With so many eagles and flags being requested, for veterans and for Scouts, I've gotten into the routine of having the mats, glass, and frames all ready to go - several of them - at any given time. It just makes production so much easier, because the formula for those never varies. Red and blue mats, with muted blue mat for the background; bullnose moulding, dark walnut stain. Keep it simple and straightforward, and the work-time will improve. Can't do that with everything else though, because the colours, themes, subject matter, and individual tastes are so varied! There's no buttonholing anything else. But at least with the single most popular, it's a set standard.

I haven't done it yet, but I do plan on charting incoming commissions- orientation, subject matter, customer's stats, need-by date, etc. It will be a tactile thing, hand-done on large paper and tacked to the studio wall. This is to hopefully help streamline things, but even more so to make sure that no one is missed. I'm very much a visual thinker, and if it's all drawn out and in front of me, I can more easily follow.

Email. I must apologize if I have not yet responded to your email! the holidays were overwhelming and I'm still trying to catch up. During all of last year my inbox was admittedly in a constant state of overwhelm- there were so many queries coming in as a result of that wandering painted-feathers email that I just could not get on top of it all and paint too. I'm tackling that problem.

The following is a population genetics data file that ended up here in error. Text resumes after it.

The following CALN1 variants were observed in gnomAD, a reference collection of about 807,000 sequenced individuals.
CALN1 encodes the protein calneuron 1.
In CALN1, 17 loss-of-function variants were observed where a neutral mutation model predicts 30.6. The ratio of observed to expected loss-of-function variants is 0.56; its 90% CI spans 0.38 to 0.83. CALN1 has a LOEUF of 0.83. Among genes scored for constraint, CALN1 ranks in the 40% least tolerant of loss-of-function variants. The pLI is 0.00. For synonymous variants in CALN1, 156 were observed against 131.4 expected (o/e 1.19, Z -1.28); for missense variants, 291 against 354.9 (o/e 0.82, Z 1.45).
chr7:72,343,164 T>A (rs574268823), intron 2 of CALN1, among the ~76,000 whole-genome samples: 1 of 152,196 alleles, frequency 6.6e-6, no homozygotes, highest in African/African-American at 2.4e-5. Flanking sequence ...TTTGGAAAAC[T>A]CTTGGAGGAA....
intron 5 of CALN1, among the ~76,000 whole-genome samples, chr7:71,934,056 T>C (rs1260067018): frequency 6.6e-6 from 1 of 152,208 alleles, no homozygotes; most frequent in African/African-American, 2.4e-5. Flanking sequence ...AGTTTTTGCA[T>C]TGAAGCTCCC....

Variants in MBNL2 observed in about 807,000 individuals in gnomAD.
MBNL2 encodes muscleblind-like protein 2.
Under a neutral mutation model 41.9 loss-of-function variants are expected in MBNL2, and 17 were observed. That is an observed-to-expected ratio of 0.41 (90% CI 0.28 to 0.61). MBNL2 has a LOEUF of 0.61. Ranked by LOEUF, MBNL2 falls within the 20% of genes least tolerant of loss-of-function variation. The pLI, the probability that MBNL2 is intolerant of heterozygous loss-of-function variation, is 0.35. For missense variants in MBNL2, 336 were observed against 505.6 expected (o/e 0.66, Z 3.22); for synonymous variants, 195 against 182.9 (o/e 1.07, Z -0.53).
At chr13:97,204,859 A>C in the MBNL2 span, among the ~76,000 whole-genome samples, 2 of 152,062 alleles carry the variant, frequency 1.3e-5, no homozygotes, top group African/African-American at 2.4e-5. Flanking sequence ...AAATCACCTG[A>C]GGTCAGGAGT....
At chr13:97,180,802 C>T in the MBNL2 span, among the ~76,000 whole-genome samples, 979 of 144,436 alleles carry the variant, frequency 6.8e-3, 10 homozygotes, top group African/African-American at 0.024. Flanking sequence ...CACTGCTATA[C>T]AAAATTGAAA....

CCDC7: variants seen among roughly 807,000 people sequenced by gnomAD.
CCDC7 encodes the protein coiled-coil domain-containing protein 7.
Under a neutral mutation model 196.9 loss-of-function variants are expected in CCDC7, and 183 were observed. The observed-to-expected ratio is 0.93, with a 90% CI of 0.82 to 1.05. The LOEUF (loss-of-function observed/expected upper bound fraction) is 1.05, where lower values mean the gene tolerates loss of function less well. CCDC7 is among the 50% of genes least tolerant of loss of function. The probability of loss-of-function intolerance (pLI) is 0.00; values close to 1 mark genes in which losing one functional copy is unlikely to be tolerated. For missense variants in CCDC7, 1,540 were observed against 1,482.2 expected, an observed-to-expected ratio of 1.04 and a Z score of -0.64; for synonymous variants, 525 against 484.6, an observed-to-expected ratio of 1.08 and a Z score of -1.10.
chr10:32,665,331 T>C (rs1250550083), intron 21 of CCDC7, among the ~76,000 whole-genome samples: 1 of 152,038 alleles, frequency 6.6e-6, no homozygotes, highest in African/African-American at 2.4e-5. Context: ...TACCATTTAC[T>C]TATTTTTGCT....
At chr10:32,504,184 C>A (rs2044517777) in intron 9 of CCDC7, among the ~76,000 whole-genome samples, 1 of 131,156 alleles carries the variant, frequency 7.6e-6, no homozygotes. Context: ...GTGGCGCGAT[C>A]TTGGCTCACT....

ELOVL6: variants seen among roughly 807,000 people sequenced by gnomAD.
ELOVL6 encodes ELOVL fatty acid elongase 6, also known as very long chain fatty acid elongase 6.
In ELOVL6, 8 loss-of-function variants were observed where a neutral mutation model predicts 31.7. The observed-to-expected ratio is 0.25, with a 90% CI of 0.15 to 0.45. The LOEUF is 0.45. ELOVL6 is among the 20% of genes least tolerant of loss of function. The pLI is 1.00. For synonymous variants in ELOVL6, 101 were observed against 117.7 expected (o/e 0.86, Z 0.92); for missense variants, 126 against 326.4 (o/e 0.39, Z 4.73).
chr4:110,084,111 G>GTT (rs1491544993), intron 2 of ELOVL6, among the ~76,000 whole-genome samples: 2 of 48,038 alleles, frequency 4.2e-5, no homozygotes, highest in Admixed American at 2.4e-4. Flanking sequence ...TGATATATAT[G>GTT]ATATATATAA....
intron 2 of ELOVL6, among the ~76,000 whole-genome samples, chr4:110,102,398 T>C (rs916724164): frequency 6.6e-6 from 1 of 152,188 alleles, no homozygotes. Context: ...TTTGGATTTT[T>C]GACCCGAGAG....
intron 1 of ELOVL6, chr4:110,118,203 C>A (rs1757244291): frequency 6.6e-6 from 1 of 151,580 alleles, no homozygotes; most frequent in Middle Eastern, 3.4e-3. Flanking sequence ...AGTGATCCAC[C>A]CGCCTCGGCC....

I have divided up business emails in my inbox. I flag any email pertaining to business, from clear queries right on down to a simple friendly "hey, I like your work". All those little red flags greet me and tell me "HEY, you need to get on these!" When I respond to them, I move them to the "answered queries" folder. if I hear back from a person and it turns out that they would like to order, then that email and anything else they sent goes to the "active orders" folder. This way I can follow the conversation and keep up on the little details that they want to include in their commissioned piece.

Admittedly, it's bit cumbersome, but it's a start in organization. :)
Have you come upon any methods and techniques in dealing with business email that you've found extremely useful? If so, I'm all ears! ;D

Monday, January 05, 2009

2009 - Commit

Upon reviewing my goals for this year (which I will post later), I could see that some may be on the ambitious side. Ambitious, but certainly not impossible if the path is clear and the plans are well laid. Most are business related, but some are about personal growth and fun. In the wake of all that happened last year, I've raised the trajectory a bit higher, pushing a little further, and even shooting for something I've never done before.